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BMW’s Car-Sharing Service Is About to Hit an Important Milestone

ReachNow, BMW's U.S. car-sharing service, will start operating in Portland in September. ReachNow, BMW's U.S. car-sharing service, will start operating in Portland in September.
ReachNow, BMW's U.S. car-sharing service, will start operating in Portland in September. Courtesy of BMW Group

In less than a week, BMW Group’s U.S.-based car-sharing service ReachNow will hit an important milestone and start operating in Portland, its second city after launching in Seattle earlier this year.

The Portland service will officially kick off Sept. 19. However, the first residents to join the service will be eligible to start test driving the service during a two-week preview drive that begins Tuesday.

ReachNow will announce an expansion to at least one more U.S. city before the end of the year, a BMW spokesman said Thursday without providing more details. The company has said in the past that it wants to eventually establish service in 10 cities in North America.

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Expanding into a second city might seem insignificant compared to other larger car-sharing services like Daimler’s Car2go. But for BMW it’s validation that its latest attempt to break into the U.S. car-sharing market might just work. Still, it faces considerable competition. Car2go as well as Getaround, Turo, and Zipcar—all related services that could compete with ReachNow’s business model—are well established in Portland.

ReachNow is a reboot of BMW’s car-sharing service called DriveNow—a joint venture between the German automaker and rental car company Sixt SE—that launched in Berlin five years ago. By the end of 2015, DriveNow had 580,000 registered users throughout Europe. However, its entry into the U.S. market didn’t go so smoothly.

The company set up shop in San Francisco in 2012 and soon discovered that its business model—a free-floating service allowing vehicles to be picked up and left anywhere within a designated operating area—was in direct conflict with the parking and car-sharing regulations in the city. The service shutdown on November 2, 2015.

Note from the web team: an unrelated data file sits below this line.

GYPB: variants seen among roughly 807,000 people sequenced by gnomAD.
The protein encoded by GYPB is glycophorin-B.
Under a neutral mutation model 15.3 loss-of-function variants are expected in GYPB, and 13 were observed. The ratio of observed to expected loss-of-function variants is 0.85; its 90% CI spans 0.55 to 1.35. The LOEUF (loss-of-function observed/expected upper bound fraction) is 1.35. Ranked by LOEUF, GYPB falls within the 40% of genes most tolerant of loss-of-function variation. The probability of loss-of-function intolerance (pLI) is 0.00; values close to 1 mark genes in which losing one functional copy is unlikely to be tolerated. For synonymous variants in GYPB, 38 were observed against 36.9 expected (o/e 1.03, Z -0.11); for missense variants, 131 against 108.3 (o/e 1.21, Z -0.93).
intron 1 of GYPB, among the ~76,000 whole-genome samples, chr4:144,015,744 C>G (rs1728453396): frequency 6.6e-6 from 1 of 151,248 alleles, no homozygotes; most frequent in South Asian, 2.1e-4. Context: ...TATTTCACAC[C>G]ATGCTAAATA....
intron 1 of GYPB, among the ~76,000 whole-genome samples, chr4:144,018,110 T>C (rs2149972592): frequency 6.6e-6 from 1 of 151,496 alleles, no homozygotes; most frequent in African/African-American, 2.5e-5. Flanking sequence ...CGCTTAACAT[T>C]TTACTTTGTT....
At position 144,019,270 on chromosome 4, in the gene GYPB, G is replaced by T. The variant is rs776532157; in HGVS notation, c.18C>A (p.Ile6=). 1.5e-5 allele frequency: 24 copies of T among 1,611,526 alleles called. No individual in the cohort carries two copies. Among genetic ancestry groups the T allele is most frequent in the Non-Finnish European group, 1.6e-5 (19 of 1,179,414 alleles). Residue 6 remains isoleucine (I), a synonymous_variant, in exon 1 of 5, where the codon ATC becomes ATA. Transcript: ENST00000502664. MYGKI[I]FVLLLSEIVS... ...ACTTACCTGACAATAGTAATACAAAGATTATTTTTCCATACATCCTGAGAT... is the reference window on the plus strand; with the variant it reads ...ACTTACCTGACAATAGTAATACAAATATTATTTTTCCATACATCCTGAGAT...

BMW gave the U.S. car-sharing service a new name, dropped its joint venture partner Sixt, and added a new software platform from San Francisco-based startup RideCell. BMW’s venture capital arm has invested in RideCell, which has developed software designed to help companies, mass transit agencies, and car-sharing services manage vehicles.

ReachNow, which is headquartered in Seattle, has been well received in Seattle, a BMW spokesman said.

The service launched in Seattle with 370 Mini and BMW brand vehicles. Within the first weeks of operation, more than 13,000 residents signed up. Due to demand, the company expanded its home area—where the cars can be used and parked in any public space—added service to Seattle-Tacoma International Airport, and increased the number of vehicles on the road to 520.

ReachNow vehicles are charged at a rate of $0.49 cents for each minute the vehicle is used, and $0.30 cents per minute while parked. Customers will be charged a one-time $39 registration fee.

For a limited time, ReachNow will charge Portland residents $0.41 (cents) for each minute the vehicle is used and registration is free. ReachNow says it will automatically cap pricing at three different tiers: $50 for up to three hours, $80 for up to 12 hours, and $110 for up to 24 hours.